of 10

Generation of an inducible colon-specific Cre enzyme mouse line for colon cancer research

Generation of an inducible colon-specific Cre enzyme mouse line for colon cancer research Paul W. Tetteh a,b,1, Kai Kretzschmar a,b, Harry Begthel a,b, Maaike van den Born a,b, Jeroen Korving a,b, Folkert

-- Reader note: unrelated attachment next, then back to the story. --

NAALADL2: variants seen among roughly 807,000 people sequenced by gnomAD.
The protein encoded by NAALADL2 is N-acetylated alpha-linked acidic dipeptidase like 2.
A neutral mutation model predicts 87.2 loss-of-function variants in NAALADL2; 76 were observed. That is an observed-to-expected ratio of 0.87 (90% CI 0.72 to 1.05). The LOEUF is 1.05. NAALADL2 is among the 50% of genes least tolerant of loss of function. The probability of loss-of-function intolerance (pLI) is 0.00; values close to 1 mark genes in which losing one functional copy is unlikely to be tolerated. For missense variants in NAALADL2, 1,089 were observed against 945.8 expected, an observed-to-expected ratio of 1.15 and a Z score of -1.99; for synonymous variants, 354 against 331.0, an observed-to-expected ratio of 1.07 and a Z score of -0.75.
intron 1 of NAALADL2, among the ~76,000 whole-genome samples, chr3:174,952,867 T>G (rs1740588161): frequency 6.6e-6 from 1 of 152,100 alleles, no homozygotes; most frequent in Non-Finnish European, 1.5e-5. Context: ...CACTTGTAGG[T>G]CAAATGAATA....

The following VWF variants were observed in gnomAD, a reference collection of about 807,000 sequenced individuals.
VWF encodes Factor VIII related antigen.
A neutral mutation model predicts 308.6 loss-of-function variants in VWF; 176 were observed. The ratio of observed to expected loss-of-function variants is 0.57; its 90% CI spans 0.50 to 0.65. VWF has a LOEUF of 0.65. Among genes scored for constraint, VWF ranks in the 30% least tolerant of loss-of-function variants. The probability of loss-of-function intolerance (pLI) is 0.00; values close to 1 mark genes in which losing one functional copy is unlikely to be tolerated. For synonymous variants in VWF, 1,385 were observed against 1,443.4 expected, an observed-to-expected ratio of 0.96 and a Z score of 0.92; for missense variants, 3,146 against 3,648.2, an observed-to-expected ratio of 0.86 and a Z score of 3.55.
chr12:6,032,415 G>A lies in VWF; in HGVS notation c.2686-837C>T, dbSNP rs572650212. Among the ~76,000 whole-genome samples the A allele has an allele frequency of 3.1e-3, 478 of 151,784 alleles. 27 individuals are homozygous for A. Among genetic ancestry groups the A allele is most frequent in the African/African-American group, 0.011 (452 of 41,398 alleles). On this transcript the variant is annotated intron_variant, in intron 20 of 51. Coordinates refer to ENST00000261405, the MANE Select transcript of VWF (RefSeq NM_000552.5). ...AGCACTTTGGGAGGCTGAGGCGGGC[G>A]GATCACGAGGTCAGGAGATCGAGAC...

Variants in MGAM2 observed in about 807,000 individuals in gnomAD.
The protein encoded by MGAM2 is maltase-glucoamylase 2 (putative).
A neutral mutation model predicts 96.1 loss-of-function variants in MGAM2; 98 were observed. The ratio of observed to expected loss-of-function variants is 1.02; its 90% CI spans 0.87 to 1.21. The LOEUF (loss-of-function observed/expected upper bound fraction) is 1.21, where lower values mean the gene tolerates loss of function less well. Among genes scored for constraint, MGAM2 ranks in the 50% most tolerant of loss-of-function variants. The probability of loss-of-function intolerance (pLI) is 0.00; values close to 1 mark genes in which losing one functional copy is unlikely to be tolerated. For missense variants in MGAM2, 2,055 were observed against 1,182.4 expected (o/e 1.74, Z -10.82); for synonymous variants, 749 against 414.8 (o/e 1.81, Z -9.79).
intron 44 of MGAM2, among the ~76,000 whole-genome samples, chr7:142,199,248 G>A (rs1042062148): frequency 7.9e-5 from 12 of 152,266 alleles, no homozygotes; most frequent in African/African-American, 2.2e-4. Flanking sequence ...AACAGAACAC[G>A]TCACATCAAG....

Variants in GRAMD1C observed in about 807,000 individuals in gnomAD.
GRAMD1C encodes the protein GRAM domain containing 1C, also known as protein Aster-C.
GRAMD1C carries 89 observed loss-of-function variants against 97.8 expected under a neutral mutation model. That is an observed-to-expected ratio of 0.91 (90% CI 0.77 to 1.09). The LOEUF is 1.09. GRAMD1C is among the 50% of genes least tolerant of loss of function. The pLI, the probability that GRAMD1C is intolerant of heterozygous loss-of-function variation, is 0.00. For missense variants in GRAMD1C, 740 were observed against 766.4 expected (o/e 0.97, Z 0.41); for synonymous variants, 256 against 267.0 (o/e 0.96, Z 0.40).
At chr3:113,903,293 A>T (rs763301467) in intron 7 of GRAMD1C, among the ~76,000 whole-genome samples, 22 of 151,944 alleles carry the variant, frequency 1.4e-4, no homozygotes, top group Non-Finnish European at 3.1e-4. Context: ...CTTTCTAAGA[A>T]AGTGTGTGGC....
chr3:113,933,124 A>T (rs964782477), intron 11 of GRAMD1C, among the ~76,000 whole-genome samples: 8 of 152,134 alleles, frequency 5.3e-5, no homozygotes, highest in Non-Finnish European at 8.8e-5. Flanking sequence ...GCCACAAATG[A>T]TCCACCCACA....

0 views10 pages
All materials on our website are shared by users. If you have any questions about copyright issues, please report us to resolve them. We are always happy to assist you.
Documenttranscript